The second requirement is that the domain name be identical or confusingly similar to the marks. I conclude that the domain names are all confusingly similar to the Complainant’s marks. These marks are amongst the most famous and distinctive marks in all the world. Generally it is fair to say that virtually any use of any word that incorporates these marks by anyone other than the Complainant, is going to lead to confusion in the minds of consumers. Specifically, in respect of the first domain name, <coca-coladrink.com>, the domain name is the concatenation of Complainant’s famous mark together with the category of product that it famously sells. Anyone coming across the domain name will inevitably be confused as to its source. No further analysis is necessary. The other two domain names <coca-colaland.com> and <coca-colaworld.com>, comprise the Complainant’s famous mark together with a generic suffix, "land" or "world". Other Panels within the UDRP have found that this leads to confusing similarity and I am happy to add my voice to this view, see Quixtar Investments, Inc. v. Dennis Hoffman, WIPO Case No. D2000-0253; Yahoo!, Inc. v. Eitan Zviely, et al, WIPO Case No. D2000-0273; Shopping24 Gesellschaft für multimediale Anwendungen GmbH v. Christian Rommel, WIPO Case No. D2000-0508; CLT-UFA SA v. This Domain is for Sale, WIPO Case No. D2000-0801. This is to be contrasted with the situation of a non-distinctive or non-famous mark, paired with a generic suffix, see for example Micron Technology, Inc. v. ThisDomain isForSale, WIPO Case No. D2001-0712. In this case, the suffixes of "land" and "world" do not obviate the confusion that will occur if a consumer encounters the mark "coca-cola" in a domain name with the generic suffix appended.
The Complainant has shown that it has rights in trademarks, and that the domain names are confusingly similar to these marks. I conclude therefore that the Complainant has satisfied the requirements of paragraph 4.a.(i) of the UDRP.
B. The Respondent has no rights or legitimate interest in respect of the domain name.
The Complainant asserts that the Respondent has no rights or legitimate interest in the domain name, as required under paragraph 4.a.(ii) of the UDRP. It makes a number of specific arguments on this point, as provided above in section 5.
In any event, in the absence of a Response, I consider it necessary to analyse whether any of the defences provided in Paragraph 4.c. might apply. Paragraph 4.c. of the UDRP provides the following examples to the Respondent:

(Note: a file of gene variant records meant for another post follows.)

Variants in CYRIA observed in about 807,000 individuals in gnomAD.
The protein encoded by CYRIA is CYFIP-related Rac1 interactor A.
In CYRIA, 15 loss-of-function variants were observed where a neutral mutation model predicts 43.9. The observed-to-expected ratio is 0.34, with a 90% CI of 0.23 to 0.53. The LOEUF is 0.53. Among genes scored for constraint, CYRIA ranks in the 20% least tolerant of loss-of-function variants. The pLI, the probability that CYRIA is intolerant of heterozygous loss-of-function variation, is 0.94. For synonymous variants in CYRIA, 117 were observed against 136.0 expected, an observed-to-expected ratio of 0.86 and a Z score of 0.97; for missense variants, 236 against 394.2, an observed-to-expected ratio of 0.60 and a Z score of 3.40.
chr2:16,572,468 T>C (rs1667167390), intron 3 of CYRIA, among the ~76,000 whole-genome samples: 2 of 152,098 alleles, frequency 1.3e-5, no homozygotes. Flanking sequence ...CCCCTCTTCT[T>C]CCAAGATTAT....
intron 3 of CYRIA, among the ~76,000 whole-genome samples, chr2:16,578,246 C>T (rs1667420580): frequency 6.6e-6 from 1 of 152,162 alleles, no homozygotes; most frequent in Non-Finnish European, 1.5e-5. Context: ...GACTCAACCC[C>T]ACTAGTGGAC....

"(i) before any notice to you of the dispute, your use of, or demonstrable preparations to use, the domain name or a name corresponding to the domain name in connection with a bona fide offering of goods or services; or
(ii) you (as an individual, business, or other organization) have been commonly known by the domain name, even if you have acquired no trademark or service mark rights; or
(iii) you are making a legitimate noncommercial or fair use of the domain name, without intent for commercial gain to misleadingly divert consumers or to tarnish the trademark or service mark at issue."
There is absolutely no evidence that any of the scenarios of Paragraph 4.c apply here. The Complainant’s marks are probably the most famous marks in the world. It is therefore difficult to think of how anyone could establish a legitimate interest in any name that included the words "coca-cola". Moreover, the Respondent’s letter to the Complainant—indicating that he seeks to profit from the opportunistic registration of the domain name—removes any fear that he might have a legitimate interest or rights in the domain name.
As a result I conclude that, even having considered the possible application of Paragraph 4.c., the Respondent has no rights or legitimate interest in the domain name. I conclude that the Complainant has satisfied the requirements of paragraph 4.a.(ii) of the UDRP.
C. The Respondent registered and is using the domain name in bad faith.
The final issue is that of bad faith registration and use by the Respondent. For paragraph 4.a.(iii) to apply, the Complainant must demonstrate the conjunctive requirements that the Respondent registered the domain name in bad faith and continues to use it in bad faith.
The Respondent’s letter of November 2, 2000 indicates that he is an abusive registrant, and proposes the transfer of the domain name to the Complainant after noting the importance of the domain names to the Complainant. I consider this to be a clear example of bad faith, as provided in paragraph 4.b.(i). Though the Respondent does not indicate a figure, it is apparent—both from the language and the fact that he contacted the Complainant with the unsolicited offer—that he intends to seek greater than his out-of-pocket costs.
I therefore conclude that the Complainant has satisfied paragraph 4.a.(iii) of the UDRP.
The Complainant has made out all of the elements of paragraph 4.a. of the Uniform Domain Name Dispute Resolution Policy.
Pursuant to Paragraph 4.i. of the Uniform Domain Name Dispute Resolution Policy and Rule 15 of the Rules for the Uniform Domain Name Dispute Resolution Policy, the requested remedy is granted.
I hereby order that the domain names <coca-coladrink.com>, <coca-colaland.com>, and <coca-colaworld.com> be transferred forthwith to the Complainant.
Dated: July 27, 2001